We’re often told that the key to becoming a published author is perseverance. “A professional writer,” according to Richard Bach, “is an amateur who didn’t quit.”
It takes a certain type of dogged determination—some might call it self-delusion—to get up before dawn for days, months, years on end and drag approximately 90,000 words out of your imagination onto a blank computer screen.
When I sat down to write my second novel, I thought that this time it would be easier. I knew I could do it—my debut, The Authenticity Project, had been to New York Times bestseller—and I already had fabulous publishers, in New York and London, waiting eagerly for the manuscript. No more wild flinging of submissions, with increasing desperation, into the farthest regions of the world wide web for me. Oh no.
The creative muse, it transpires, saves her most hysterical laughter for those of us who think it’s going to be easy.
As before, I had a rough story mapped out and a full cast of characters, so I typed CHAPTER ONE with a mixture of trepidation and excitement. Each morning, at 5am, I sat down at my desk and wrote at least one thousand words, waiting for the magic to happen—that moment when the characters you’re developing take on a life of their own and start showing you where to go . But it didn’t eat. It felt like I was placing my actors onto the stage each day, feeding them their lines and telling them what to do, but their performances were surly and wooden, and they refused to improvise.
In despair, I re-read Steven King’s On Writing. King waggled his stern index finger at me, and said “Stopping a piece of work just because it’s hard, either emotionally or imaginatively, is a bad idea. Optimism is a perfectly legitimate response to failure.”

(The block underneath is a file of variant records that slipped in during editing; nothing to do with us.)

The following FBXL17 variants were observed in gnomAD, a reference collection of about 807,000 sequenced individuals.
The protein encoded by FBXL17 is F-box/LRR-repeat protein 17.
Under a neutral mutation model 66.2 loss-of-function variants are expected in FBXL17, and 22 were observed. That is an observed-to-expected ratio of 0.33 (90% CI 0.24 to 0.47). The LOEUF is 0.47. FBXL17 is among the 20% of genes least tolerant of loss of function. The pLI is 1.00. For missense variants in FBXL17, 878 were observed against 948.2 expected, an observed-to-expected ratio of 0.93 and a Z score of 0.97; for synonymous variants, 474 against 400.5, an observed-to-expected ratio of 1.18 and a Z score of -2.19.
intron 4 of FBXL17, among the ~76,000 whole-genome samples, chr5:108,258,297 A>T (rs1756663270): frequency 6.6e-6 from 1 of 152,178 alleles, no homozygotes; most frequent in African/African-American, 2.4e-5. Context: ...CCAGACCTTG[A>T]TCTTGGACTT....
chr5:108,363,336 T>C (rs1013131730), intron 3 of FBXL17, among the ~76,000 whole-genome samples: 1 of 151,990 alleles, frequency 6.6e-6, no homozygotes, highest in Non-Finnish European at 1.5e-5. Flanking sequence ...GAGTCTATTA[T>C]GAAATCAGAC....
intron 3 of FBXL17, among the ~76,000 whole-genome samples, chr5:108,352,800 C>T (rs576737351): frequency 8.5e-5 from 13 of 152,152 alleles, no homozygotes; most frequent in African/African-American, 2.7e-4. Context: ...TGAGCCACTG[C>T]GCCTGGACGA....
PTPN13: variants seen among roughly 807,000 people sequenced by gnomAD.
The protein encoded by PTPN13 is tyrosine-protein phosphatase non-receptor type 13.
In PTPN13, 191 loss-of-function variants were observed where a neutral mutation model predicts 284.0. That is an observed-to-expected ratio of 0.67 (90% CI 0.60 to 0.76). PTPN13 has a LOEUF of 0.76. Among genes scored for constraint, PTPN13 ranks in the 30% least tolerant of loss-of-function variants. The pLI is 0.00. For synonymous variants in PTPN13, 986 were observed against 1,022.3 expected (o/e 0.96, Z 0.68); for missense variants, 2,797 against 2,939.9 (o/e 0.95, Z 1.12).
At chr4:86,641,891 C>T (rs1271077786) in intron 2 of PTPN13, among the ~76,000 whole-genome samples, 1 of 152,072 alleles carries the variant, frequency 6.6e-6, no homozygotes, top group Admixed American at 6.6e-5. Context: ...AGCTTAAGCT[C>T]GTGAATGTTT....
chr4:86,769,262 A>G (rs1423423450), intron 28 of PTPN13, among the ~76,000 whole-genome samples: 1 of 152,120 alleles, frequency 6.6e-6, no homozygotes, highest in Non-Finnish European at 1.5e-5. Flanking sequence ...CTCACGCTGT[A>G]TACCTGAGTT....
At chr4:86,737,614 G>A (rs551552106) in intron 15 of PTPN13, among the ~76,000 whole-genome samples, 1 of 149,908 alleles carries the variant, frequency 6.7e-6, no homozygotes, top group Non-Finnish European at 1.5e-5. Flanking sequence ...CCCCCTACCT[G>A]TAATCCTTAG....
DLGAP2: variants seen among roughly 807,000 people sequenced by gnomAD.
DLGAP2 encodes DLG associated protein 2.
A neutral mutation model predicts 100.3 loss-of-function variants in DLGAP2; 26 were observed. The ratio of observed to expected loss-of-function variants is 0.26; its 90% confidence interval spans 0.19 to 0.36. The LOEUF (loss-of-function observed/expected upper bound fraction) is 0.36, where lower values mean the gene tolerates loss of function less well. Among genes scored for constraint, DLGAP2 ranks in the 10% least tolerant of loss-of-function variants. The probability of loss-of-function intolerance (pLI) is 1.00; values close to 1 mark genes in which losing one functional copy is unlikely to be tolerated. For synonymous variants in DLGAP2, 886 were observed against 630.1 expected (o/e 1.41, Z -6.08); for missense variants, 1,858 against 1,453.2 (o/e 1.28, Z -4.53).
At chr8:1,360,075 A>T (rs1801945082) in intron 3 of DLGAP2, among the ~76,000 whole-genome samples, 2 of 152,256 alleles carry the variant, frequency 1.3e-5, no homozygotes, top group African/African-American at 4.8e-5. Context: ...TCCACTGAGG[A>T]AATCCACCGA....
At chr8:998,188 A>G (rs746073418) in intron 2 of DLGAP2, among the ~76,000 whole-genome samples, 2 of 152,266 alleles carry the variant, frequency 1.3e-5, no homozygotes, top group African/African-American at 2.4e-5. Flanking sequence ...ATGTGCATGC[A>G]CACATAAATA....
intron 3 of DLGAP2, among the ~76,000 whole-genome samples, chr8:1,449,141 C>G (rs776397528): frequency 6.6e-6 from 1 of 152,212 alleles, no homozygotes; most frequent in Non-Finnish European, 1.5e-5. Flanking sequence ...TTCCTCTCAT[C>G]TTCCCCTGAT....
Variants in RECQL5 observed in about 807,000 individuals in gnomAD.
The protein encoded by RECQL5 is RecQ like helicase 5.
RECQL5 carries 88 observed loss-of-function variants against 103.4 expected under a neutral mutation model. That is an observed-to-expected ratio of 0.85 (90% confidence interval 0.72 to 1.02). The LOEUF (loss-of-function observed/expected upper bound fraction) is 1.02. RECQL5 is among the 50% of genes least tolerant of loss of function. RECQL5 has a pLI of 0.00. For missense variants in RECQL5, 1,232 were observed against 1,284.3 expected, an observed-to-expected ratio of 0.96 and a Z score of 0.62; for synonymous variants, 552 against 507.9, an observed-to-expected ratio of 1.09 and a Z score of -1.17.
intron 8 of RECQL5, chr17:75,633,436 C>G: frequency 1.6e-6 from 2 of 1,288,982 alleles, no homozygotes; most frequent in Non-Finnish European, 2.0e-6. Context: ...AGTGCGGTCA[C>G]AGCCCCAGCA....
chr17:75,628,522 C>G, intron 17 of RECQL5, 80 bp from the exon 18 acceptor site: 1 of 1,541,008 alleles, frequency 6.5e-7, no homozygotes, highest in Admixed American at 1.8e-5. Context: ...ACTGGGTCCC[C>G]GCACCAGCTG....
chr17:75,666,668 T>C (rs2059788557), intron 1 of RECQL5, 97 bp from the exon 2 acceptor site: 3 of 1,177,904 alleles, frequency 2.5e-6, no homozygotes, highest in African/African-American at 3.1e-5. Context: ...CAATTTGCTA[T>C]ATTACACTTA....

Perhaps, I thought, channeling as much of King’s optimism as I could muster, it’s hard because I’ve become a better writer. Thomas Mann believes that “a writer is someone for whom writing is more difficult than it is for other people,” and Hemingway says “There is nothing to write. All you do is sit down at a typewriter and bleed.”
Perhaps the story I told myself and others about the experience of writing my debut was as imagined and well edited as the debut novel itself.
It was possible I’d just forgotten how hard it was last time. Maybe my memories of those mornings feeling as if I were just a conduit for a story which was desperate to be told, my fingers barely keeping up with the thoughts which sounded in my head like dictation, were an illusion. I am, after all, a storyteller. Perhaps the story I told myself and others about the experience of writing my debut was as imagined and well edited as the debut novel itself.
So, I sat down at my laptop, feeling grateful that at least it wasn’t a typewriter, and bled. For months I forced my reluctant actors to show up on stage each day and perform. Until, finally, I typed the words THE END.
I felt relief at having finished the damn thing, but I didn’t feel elation. And I honestly had no idea how good, or how bad, it was. I mustered as much courage as I could and sent it to my editors. Then I waited. And the optimism gradually seeped away until, finally, a response.
It was very kind. He praised my writing and said there was much about the story I’d submitted to like. But then, the word we all know is coming, However…
There was a lot after the however, and it struck me that the terse, one line, rejections of old were in many ways a kindness. There were issues with the characters, with the plot and, to top it all, the whole premise. But, with work—a lot of work—it could be fixed.